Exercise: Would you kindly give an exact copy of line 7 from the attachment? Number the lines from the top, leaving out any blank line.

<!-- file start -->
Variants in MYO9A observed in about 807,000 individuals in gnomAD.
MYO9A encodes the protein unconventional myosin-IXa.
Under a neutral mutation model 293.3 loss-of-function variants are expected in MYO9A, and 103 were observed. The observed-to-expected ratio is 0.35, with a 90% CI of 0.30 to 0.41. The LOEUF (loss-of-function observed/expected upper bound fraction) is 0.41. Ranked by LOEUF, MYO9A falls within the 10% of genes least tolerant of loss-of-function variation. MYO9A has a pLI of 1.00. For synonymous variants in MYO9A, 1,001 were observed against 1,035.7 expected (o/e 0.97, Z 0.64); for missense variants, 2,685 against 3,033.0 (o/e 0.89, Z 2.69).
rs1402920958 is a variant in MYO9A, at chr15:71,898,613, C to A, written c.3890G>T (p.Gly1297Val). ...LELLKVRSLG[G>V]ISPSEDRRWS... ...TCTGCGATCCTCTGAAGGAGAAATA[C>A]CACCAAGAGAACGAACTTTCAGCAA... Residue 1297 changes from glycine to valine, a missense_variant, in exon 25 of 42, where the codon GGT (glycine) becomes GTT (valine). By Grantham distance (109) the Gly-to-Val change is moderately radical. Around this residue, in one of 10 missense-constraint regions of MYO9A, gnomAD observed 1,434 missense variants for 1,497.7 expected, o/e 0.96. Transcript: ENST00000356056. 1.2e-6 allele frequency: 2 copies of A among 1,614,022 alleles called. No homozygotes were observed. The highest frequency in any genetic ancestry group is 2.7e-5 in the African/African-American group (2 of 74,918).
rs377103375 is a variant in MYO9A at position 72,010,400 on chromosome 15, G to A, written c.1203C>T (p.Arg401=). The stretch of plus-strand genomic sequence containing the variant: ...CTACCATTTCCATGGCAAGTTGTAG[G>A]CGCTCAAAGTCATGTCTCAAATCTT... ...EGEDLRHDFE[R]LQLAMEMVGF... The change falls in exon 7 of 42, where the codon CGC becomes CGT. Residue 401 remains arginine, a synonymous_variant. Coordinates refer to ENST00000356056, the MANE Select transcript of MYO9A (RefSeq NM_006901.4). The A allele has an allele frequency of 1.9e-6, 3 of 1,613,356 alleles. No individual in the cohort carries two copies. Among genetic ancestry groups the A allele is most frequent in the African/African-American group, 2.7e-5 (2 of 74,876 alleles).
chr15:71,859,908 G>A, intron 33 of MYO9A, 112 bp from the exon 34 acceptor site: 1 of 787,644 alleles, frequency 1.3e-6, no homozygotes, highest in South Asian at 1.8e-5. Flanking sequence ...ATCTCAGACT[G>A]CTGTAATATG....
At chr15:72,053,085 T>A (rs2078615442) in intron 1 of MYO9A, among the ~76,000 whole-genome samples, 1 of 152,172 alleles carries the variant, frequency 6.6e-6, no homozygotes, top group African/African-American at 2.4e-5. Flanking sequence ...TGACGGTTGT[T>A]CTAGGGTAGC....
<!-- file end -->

At chr15:72,053,085 T>A (rs2078615442) in intron 1 of MYO9A, among the ~76,000 whole-genome samples, 1 of 152,172 alleles carries the variant, frequency 6.6e-6, no homozygotes, top group African/African-American at 2.4e-5. Flanking sequence ...TGACGGTTGT[T>A]CTAGGGTAGC....